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10 Ways to Survive Building or Remodeling Your Home

1. Think of the project as a new diet.

Who doesn’t want to lose at least five pounds? This is one way to do it. Between running to stores all day and evening long, meeting with contractors, inspecting the work, searching the Western world for the perfect light fixture, who has time to eat? Provided you don’t sabotage this new, unorthodox diet plan, with McDonalds drive through, you’re good for losing five pounds. If you are a masochistic type who does some of the work yourself – whether it be painting, laying tile, landscaping the yard – you can count on another five to ten pounds of weight loss. Just think, you may be miserable, frustrated, exhausted, nd down right cynical about the good of the humankind, but your jeans will fit nicely!

2. Write checks as aerobic exercise.

These workouts are great for toning the wrist and fingers. Usually done in hectic spurts as you race out the door in the morning while the contractors are breathing down your neck and your kids are beating each other with the lunch boxes you just prepared, the stress and frantic activity are sure to raise your heartbeat for a good hour. Grumbling under your breath that the plumber, electrician, or you name it, isn’t really worth this much money adds greater intensity and calorie burn to this little publicized exercise regime.

3. Save money through shopping burnout

Yes, even the most die-hard shopper will come to dread setting foot in any store. This affliction starts innocently enough as you go to look for light fixtures. How hard can it be? Hard! Either the light you want is being shipped from Yugoslavia and won’t arrive until your youngest child buys his own home, or you just can’t find the one you want. You’ll shop every lighting and electrical store you know. You’ll search Home Depot. You’ll haunt hardware stores. And then there’s plumbing fixtures. Sink centers, faucet handles, finishes, special orders. What’s all that about? And the cost. You’d think you were outfitting the palace for a former third world dictator. Of course, there’s carpet, tile, hardwood, stairs, siding, windows. Enough already. And you thought it was a pain picking mints and sweet table treats for your wedding.

After your 1000th trip to Home Depot (or Lowes or Menards or whatever), in addition to all the other trips you’ve made for items that shouldn’t count as shopping (toilet seats, for example), you’ve had it. Your friends won’t be able to bribe you to check out the latest sale at Bloomingdales. You’ll think it will be better when you can pick out “fun” things like paint, wall paper, drapes, fabric, furniture – but don’t bet on it. At this point, the pressure to make your home look like something other than an empty rat maze will counteract any joy in shopping. Spending this much money has never been such a miserable experience. As a result, when your home becomes half-way presentable, you’ll refuse to shop again – even for groceries – for at least six months. The money you save during this shopping hiatus will be sufficient for you to resume this previously pleasurable past time once more without guilt.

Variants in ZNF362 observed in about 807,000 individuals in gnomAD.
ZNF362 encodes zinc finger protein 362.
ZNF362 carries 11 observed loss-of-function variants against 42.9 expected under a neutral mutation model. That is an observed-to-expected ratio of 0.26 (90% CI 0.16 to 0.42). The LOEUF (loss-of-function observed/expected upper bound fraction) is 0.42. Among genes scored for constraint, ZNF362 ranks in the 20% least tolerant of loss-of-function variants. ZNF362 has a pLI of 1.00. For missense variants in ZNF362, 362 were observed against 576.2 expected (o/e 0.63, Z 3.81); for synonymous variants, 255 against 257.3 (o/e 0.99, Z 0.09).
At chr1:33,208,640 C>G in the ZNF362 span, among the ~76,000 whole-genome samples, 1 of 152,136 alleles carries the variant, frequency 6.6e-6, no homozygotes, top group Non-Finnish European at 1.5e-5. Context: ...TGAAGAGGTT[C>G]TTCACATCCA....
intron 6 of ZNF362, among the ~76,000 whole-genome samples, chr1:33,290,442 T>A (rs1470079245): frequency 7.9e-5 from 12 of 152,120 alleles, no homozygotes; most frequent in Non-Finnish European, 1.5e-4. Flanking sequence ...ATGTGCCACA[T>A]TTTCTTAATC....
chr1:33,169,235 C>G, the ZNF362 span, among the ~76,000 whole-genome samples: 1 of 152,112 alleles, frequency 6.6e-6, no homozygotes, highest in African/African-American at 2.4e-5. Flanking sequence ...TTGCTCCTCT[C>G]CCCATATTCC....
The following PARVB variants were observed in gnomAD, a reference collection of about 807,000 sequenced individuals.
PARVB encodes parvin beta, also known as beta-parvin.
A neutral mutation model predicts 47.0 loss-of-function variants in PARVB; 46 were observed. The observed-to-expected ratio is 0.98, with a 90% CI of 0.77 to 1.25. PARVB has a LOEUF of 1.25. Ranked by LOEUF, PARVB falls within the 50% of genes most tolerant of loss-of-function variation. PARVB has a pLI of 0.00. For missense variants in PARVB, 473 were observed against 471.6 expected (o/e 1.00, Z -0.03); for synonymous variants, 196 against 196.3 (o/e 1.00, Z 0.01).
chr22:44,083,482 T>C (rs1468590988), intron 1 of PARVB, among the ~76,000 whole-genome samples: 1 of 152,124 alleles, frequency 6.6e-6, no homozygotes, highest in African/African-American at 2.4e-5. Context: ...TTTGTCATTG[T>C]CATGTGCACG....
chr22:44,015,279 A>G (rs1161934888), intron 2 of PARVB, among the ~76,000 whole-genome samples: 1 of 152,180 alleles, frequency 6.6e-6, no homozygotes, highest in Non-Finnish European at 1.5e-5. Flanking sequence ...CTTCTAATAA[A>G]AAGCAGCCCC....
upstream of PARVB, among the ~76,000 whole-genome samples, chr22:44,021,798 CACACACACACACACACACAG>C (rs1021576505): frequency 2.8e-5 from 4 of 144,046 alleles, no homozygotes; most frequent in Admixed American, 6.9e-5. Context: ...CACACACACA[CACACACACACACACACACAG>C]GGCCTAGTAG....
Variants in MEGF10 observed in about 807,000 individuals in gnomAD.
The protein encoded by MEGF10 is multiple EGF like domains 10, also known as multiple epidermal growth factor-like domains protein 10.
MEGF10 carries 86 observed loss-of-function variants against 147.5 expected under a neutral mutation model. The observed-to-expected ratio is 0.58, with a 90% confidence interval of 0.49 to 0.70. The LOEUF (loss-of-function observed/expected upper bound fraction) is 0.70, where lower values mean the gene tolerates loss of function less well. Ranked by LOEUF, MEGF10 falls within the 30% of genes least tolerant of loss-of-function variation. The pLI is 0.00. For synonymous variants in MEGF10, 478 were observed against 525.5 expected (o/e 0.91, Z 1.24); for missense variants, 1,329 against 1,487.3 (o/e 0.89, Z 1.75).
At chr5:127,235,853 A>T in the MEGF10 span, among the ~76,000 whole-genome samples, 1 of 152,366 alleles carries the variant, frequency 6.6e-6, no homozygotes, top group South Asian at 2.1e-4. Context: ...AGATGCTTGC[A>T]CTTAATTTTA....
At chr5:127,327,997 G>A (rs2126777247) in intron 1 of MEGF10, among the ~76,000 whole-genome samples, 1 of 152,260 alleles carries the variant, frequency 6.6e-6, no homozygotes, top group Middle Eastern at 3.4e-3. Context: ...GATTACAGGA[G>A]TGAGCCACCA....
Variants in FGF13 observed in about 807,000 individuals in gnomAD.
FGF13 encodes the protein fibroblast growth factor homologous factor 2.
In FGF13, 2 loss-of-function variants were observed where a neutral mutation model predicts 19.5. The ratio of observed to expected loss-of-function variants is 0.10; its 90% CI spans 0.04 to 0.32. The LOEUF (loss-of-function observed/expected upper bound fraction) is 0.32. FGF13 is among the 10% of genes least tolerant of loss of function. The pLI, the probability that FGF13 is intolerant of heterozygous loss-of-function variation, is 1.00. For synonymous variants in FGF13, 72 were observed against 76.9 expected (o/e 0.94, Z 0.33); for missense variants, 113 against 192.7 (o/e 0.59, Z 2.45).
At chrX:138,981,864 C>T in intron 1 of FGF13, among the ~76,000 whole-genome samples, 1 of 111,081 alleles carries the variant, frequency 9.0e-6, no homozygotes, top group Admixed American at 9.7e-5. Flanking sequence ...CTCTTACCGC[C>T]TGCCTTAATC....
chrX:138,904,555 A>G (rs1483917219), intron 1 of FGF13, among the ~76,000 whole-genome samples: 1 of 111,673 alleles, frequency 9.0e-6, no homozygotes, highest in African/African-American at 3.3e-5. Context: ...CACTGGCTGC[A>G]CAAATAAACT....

4. Impress your friends with obscure facts.

Only someone that has built or remodeled their home can explain the fluid dynamics of a proper toilet water swirl. Or cite the International Building Code that calls for no more than 6’ between electrical outlets. Or brag that triple glazed windows are really the wave of the future for light emitting device technology. See what I mean? :)

5. Pride yourself on your new creative skills.

You’ll discover a creative side that you never knew existed. Like how to wash dishes in the bath tub. And how to make a full course meal for a family of four using nothing more than a toaster and hot plate. Or how to fit an entire family in a house smaller than your first apartment. They say that necessity is the mother of invention. That’s probably true, but I also think that the only thing that separates modern and pioneer life is just one kitchen or bath remodeling project.

6. Yell at someone other than your kids – and not feel guilty.